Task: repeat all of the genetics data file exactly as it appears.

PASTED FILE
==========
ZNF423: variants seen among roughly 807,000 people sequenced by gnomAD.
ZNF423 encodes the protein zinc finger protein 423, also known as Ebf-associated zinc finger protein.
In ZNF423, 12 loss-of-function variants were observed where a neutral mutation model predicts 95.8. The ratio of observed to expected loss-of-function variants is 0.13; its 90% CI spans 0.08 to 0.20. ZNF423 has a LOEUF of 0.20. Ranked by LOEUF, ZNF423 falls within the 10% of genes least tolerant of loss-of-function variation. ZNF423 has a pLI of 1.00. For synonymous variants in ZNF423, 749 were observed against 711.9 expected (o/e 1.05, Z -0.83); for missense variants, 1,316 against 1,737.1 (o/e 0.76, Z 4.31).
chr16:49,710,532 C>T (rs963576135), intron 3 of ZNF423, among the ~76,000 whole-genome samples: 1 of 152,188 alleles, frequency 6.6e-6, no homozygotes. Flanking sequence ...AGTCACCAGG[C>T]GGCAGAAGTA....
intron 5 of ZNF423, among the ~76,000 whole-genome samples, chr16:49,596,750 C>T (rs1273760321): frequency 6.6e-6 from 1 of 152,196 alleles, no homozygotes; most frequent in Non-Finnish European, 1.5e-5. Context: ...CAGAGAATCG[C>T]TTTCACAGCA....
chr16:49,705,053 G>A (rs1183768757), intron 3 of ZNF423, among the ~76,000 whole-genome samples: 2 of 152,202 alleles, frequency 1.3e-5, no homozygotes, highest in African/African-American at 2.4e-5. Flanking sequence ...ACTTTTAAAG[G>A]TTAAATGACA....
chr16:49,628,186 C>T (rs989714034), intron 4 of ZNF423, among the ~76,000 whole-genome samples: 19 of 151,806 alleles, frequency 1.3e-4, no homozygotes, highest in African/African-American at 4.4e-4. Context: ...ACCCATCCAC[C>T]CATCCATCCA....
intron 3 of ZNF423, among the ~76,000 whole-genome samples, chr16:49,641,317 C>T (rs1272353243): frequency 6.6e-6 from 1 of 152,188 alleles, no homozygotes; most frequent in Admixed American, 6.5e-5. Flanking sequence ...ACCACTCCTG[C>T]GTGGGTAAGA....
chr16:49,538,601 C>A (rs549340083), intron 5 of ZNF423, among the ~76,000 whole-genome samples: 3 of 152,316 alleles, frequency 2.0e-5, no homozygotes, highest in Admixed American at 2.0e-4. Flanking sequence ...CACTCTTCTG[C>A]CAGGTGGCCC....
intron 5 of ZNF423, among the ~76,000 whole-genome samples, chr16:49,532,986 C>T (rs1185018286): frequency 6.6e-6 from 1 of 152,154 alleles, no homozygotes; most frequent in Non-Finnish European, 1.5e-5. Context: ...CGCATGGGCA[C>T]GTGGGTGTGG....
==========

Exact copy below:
ZNF423: variants seen among roughly 807,000 people sequenced by gnomAD.
ZNF423 encodes the protein zinc finger protein 423, also known as Ebf-associated zinc finger protein.
In ZNF423, 12 loss-of-function variants were observed where a neutral mutation model predicts 95.8. The ratio of observed to expected loss-of-function variants is 0.13; its 90% CI spans 0.08 to 0.20. ZNF423 has a LOEUF of 0.20. Ranked by LOEUF, ZNF423 falls within the 10% of genes least tolerant of loss-of-function variation. ZNF423 has a pLI of 1.00. For synonymous variants in ZNF423, 749 were observed against 711.9 expected (o/e 1.05, Z -0.83); for missense variants, 1,316 against 1,737.1 (o/e 0.76, Z 4.31).
chr16:49,710,532 C>T (rs963576135), intron 3 of ZNF423, among the ~76,000 whole-genome samples: 1 of 152,188 alleles, frequency 6.6e-6, no homozygotes. Flanking sequence ...AGTCACCAGG[C>T]GGCAGAAGTA....
intron 5 of ZNF423, among the ~76,000 whole-genome samples, chr16:49,596,750 C>T (rs1273760321): frequency 6.6e-6 from 1 of 152,196 alleles, no homozygotes; most frequent in Non-Finnish European, 1.5e-5. Context: ...CAGAGAATCG[C>T]TTTCACAGCA....
chr16:49,705,053 G>A (rs1183768757), intron 3 of ZNF423, among the ~76,000 whole-genome samples: 2 of 152,202 alleles, frequency 1.3e-5, no homozygotes, highest in African/African-American at 2.4e-5. Flanking sequence ...ACTTTTAAAG[G>A]TTAAATGACA....
chr16:49,628,186 C>T (rs989714034), intron 4 of ZNF423, among the ~76,000 whole-genome samples: 19 of 151,806 alleles, frequency 1.3e-4, no homozygotes, highest in African/African-American at 4.4e-4. Context: ...ACCCATCCAC[C>T]CATCCATCCA....
intron 3 of ZNF423, among the ~76,000 whole-genome samples, chr16:49,641,317 C>T (rs1272353243): frequency 6.6e-6 from 1 of 152,188 alleles, no homozygotes; most frequent in Admixed American, 6.5e-5. Flanking sequence ...ACCACTCCTG[C>T]GTGGGTAAGA....
chr16:49,538,601 C>A (rs549340083), intron 5 of ZNF423, among the ~76,000 whole-genome samples: 3 of 152,316 alleles, frequency 2.0e-5, no homozygotes, highest in Admixed American at 2.0e-4. Flanking sequence ...CACTCTTCTG[C>A]CAGGTGGCCC....
intron 5 of ZNF423, among the ~76,000 whole-genome samples, chr16:49,532,986 C>T (rs1185018286): frequency 6.6e-6 from 1 of 152,154 alleles, no homozygotes; most frequent in Non-Finnish European, 1.5e-5. Context: ...CGCATGGGCA[C>T]GTGGGTGTGG....